Top posts to read on Ms Righton’s made-up woes have been recommended by Lib Dem Voice and particularly well-documented by Andrew Reeves (here, here, here and here) and Jeremy Rowe (here, with the rather brilliant comment, “That Righton’s a wrongun,” here and here). Or, if you want to do something positive, why not just get in touch with Steve Gilbert and offer to help, perhaps with a monthly donation like mine? Otherwise this lying fantasist might be elected purely because the Tories have vastly more money to pour in.

Denis MacShane – The Failed Former Minister Who’ll Make Up Any Nasty Horrible Thing

I saw on Lynne Featherstone’s blog earlier that she’s to be on Radio Four’s The Westminster Hour again tonight. Suddenly, I remembered and iPlayered (dash quickly, it’ll be gone soon) last week’s edition. The three political guests were Lib Dem Paul Holmes, Tory Roger Helmer and smug, hectoring, hypocritical, nasty git Denis MacShane.

Yes, that was an insult, but one based on factual observation. The sort of insult I try not to indulge in is nasty smears and lying (yes, I like making things up, but not misrepresenting people: if you see something preposterous on this blog in single quotation marks, ‘like this,’ I’m making it up, usually for comic effect. If you see something preposterous in double marks, “like this,” it’s a proper quotation). Mr MacShane, on the other hand, doesn’t summarise someone’s views in a way that makes them look silly, but just makes nasty, slimy accusations with no basis in fact.

Take last week’s The Westminster Hour. Women MPs are being discussed, and the BBC, with no sense of irony, have asked three male MPs to discuss them. A good political attack point is made by Mr MacShame; if David Cameron says he’ll have one-third women in Cabinet, why are there so few women in his Shadow Cabinet, when he has power to choose them, too? “The Conservative Party remains, I’m afraid, a Bullingdon boys’ own club,” he concludes, bringing in a bit of old-fashioned class hate (ironic, in his voice) and hypocritical faux-regret (watch for more) to finish his evidently pre-prepared ‘answer’. “Denis has been reading the briefing from Labour central office,” observes the Tory. “I used to write it,” Mr MacShameless concedes – then, realising he’s just given himself away, sneers:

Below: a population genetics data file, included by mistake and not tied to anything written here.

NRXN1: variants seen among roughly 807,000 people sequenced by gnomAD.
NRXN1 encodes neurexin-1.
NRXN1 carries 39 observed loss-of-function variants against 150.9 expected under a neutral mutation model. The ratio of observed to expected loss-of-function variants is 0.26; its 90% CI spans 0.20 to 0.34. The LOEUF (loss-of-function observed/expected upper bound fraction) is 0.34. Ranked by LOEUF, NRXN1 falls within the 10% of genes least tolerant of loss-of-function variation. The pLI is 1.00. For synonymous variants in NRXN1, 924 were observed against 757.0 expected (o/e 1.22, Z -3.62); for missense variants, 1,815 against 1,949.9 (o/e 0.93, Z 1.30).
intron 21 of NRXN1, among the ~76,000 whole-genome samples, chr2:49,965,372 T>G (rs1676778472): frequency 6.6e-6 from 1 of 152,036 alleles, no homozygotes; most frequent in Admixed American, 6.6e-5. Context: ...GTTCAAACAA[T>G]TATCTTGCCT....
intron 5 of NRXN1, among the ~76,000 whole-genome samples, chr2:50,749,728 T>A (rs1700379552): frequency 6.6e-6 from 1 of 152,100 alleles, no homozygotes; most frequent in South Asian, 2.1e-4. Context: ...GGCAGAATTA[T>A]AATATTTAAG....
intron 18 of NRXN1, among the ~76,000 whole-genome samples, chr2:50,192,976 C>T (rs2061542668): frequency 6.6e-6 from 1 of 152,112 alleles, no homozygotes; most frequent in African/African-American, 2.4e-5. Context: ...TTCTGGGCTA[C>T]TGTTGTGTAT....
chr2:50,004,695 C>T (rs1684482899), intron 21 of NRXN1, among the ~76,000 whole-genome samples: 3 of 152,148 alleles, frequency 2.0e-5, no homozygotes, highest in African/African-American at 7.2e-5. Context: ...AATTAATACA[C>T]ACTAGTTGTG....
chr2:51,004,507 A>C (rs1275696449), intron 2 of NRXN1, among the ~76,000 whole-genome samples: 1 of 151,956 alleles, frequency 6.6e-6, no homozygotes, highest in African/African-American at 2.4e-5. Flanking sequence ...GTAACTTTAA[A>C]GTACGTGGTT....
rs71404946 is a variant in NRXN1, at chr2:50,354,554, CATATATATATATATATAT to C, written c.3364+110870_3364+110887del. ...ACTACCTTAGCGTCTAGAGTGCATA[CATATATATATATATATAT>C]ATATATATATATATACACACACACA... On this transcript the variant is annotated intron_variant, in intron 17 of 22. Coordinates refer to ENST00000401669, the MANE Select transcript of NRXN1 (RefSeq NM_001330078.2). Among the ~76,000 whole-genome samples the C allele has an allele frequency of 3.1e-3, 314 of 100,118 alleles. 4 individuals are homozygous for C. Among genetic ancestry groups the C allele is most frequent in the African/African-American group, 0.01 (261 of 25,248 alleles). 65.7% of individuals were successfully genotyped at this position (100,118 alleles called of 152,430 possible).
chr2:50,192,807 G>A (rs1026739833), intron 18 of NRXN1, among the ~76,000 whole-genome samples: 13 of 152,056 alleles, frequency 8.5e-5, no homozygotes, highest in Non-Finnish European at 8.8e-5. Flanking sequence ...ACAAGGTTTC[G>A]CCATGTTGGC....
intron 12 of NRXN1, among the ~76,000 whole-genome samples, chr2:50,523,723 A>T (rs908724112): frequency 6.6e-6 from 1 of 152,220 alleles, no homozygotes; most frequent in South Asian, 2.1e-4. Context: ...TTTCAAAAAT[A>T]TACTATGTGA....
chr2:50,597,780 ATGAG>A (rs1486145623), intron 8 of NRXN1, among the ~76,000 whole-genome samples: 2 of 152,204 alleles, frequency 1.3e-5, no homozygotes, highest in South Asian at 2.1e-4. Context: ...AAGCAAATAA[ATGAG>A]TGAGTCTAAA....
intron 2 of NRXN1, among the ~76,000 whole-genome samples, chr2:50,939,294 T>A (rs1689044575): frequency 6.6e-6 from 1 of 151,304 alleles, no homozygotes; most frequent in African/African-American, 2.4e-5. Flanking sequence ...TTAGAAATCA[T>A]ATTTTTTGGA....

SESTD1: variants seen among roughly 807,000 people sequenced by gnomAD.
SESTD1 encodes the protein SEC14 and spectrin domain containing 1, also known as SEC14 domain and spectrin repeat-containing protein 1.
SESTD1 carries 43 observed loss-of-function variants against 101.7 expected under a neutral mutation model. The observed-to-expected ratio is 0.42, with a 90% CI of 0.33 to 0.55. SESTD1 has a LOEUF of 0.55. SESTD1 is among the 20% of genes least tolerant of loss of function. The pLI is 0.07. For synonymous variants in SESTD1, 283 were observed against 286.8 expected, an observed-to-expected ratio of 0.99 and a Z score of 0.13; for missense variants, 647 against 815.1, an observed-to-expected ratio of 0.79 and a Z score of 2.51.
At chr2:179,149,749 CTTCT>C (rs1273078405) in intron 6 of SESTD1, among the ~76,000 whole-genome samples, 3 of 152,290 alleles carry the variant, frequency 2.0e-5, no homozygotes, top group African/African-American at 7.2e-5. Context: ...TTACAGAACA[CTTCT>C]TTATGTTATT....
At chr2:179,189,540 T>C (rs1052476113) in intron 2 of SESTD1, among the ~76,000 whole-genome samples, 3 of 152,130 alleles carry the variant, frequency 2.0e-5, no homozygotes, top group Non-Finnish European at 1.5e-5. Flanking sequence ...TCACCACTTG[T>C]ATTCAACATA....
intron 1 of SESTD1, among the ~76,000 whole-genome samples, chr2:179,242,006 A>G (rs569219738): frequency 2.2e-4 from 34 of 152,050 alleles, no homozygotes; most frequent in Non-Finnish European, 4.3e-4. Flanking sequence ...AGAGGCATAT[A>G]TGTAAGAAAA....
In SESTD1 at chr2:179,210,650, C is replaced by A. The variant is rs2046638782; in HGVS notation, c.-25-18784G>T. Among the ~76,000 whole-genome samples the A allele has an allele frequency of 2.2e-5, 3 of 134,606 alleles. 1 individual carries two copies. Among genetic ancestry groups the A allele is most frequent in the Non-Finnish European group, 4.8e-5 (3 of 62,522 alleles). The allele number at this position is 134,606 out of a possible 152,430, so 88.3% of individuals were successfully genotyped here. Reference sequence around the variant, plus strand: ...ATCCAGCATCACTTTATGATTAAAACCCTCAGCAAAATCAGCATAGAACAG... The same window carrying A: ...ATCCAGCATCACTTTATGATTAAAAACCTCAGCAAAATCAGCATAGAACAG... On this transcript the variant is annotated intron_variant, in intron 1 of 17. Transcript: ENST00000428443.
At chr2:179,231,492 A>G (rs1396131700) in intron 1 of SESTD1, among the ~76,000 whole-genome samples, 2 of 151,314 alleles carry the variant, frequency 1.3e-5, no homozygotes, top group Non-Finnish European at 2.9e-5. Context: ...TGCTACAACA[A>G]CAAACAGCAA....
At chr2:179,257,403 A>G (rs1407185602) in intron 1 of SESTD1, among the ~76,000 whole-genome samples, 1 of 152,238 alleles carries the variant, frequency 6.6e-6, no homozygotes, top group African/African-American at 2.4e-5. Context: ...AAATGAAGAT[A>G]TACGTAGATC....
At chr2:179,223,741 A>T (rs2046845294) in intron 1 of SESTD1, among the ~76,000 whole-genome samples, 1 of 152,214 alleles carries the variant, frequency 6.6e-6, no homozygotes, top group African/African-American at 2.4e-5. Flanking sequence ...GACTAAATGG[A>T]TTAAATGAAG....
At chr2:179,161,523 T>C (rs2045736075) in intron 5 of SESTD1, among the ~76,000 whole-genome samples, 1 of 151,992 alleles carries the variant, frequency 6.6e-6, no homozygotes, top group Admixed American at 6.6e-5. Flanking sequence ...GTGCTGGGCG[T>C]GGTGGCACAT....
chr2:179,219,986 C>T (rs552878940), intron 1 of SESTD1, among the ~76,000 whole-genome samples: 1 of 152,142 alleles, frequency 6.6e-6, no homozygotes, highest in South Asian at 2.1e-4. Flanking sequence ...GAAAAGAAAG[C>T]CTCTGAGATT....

“Today, David Cameron could promote women to senior positions in the Shadow Cabinet. He, I’m afraid, only likes boys.”
Roger Helmer was right to call that “an outrageous line”. Yep: caught out as a Labour spin-poisoner, Mr MacShame spits out a smear that translates as ‘they’re all public schoolboys, so they’re all bumming each other, and probably your kids’. Did he really get away with that? Yes he did. If it wasn’t a Labour git saying it in a desperate attempt at class war, but a Tory saying it when caught out, imagine the howls of “Homophobia!” from Labour. Well, I don’t have any reason to believe Mr MacShame’s genuinely homophobic – he’s probably just an opportunistic panderer to the bigot vote. Not better, is it?